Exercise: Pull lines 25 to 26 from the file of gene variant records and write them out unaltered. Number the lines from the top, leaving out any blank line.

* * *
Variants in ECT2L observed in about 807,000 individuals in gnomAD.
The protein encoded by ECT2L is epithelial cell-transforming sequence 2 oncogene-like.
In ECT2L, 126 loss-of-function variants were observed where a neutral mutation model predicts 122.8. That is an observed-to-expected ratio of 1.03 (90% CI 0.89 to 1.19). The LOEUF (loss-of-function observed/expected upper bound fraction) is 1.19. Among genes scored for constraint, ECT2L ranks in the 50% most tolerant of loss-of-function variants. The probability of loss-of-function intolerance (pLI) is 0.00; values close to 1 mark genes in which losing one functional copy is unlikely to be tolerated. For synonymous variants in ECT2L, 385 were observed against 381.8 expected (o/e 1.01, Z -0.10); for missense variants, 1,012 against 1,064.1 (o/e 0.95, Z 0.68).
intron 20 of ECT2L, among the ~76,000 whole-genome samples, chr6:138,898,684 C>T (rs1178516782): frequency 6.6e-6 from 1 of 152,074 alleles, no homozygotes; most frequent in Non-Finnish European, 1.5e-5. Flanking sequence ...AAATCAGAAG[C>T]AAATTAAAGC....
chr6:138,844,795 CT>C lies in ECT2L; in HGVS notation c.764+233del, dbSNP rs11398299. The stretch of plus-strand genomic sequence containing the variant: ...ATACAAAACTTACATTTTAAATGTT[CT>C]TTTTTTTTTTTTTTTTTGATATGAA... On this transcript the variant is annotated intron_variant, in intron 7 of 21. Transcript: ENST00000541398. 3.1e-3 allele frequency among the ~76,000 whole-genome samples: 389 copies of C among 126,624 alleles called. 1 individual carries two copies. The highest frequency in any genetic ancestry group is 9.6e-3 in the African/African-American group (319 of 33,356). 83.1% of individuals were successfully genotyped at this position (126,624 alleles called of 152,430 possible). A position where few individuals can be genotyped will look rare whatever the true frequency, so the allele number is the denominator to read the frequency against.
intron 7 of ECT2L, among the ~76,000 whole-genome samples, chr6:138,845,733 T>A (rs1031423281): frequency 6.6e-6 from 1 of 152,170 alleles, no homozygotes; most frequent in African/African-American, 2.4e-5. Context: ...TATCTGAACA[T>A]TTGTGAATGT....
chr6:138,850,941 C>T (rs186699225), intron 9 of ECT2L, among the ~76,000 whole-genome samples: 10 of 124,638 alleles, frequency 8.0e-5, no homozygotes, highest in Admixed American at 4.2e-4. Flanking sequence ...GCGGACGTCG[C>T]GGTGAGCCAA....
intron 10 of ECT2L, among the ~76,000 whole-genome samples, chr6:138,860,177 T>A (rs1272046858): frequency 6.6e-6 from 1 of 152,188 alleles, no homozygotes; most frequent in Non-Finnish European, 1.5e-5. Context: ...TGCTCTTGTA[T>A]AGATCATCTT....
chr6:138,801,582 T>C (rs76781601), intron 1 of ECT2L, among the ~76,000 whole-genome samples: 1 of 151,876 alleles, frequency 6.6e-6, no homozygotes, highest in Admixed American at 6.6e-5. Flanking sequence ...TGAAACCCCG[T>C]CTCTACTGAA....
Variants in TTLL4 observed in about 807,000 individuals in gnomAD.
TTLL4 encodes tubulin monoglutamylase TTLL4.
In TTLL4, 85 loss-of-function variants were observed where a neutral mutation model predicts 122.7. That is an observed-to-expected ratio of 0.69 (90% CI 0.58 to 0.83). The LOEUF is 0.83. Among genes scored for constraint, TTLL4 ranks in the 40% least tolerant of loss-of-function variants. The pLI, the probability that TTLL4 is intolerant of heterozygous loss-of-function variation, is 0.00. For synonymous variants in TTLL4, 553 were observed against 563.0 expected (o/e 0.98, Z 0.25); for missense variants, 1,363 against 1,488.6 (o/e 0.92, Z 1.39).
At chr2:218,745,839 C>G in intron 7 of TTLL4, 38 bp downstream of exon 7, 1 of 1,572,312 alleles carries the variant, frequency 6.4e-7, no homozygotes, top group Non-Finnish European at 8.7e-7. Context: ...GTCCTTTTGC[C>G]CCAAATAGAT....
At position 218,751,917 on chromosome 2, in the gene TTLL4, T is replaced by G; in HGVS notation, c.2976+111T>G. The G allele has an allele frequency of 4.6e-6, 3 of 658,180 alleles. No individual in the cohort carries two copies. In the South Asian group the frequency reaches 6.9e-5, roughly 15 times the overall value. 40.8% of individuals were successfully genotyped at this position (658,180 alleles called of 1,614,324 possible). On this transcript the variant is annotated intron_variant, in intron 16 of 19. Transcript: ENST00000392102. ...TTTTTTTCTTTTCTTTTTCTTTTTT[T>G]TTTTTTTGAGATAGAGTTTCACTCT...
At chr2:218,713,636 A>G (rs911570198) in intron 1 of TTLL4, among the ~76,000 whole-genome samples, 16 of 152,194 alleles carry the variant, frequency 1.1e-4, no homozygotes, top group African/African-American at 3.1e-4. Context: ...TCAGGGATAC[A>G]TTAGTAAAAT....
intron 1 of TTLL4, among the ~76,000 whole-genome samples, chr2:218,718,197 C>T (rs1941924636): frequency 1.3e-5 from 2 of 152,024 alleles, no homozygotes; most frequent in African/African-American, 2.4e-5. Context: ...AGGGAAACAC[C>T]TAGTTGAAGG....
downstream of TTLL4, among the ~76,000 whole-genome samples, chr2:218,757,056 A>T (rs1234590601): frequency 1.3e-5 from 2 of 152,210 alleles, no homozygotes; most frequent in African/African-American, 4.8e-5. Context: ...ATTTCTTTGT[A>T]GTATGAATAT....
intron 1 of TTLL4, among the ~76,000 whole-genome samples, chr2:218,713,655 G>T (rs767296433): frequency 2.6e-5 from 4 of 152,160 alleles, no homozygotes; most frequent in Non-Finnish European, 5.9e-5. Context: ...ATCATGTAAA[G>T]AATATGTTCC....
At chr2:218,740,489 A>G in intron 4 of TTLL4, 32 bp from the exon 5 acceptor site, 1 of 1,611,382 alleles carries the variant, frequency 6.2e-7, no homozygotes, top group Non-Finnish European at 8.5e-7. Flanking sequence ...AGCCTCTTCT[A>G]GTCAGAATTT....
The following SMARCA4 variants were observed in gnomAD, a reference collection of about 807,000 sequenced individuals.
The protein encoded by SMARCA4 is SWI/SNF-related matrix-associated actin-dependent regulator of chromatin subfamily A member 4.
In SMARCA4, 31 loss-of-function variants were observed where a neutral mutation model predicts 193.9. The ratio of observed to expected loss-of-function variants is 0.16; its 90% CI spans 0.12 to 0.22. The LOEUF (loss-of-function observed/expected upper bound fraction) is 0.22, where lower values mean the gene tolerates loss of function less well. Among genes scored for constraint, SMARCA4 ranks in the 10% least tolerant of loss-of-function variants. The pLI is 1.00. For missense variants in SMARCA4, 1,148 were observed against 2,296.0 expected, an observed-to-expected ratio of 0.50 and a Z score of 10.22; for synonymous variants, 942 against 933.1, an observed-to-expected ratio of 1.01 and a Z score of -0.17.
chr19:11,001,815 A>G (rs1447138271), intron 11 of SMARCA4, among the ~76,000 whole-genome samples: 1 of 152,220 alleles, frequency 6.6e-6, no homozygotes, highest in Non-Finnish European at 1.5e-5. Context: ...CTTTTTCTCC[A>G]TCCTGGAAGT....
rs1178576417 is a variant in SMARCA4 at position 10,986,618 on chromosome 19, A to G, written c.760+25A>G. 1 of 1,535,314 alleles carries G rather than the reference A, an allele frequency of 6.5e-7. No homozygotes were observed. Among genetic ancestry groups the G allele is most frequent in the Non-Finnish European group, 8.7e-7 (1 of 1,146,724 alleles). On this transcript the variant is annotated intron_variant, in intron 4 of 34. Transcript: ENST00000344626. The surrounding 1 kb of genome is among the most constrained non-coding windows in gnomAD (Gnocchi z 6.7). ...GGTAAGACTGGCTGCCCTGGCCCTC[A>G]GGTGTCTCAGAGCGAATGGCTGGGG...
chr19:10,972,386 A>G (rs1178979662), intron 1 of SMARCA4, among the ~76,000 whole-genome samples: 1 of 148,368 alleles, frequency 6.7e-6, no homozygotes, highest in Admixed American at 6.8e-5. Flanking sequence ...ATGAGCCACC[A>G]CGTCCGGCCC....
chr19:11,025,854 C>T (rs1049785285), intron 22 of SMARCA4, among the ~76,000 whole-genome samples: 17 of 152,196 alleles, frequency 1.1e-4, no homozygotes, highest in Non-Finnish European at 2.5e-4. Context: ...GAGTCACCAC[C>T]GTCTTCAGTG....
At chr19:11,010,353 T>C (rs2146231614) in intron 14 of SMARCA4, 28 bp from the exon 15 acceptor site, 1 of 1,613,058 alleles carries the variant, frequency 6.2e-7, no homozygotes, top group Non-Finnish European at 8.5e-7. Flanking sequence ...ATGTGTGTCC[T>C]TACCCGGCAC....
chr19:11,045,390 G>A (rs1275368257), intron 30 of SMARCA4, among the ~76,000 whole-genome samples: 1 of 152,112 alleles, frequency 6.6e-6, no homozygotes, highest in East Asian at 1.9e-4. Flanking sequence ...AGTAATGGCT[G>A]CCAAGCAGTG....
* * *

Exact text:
chr19:10,972,386 A>G (rs1178979662), intron 1 of SMARCA4, among the ~76,000 whole-genome samples: 1 of 148,368 alleles, frequency 6.7e-6, no homozygotes, highest in Admixed American at 6.8e-5. Flanking sequence ...ATGAGCCACC[A>G]CGTCCGGCCC....
chr19:11,025,854 C>T (rs1049785285), intron 22 of SMARCA4, among the ~76,000 whole-genome samples: 17 of 152,196 alleles, frequency 1.1e-4, no homozygotes, highest in Non-Finnish European at 2.5e-4. Context: ...GAGTCACCAC[C>T]GTCTTCAGTG....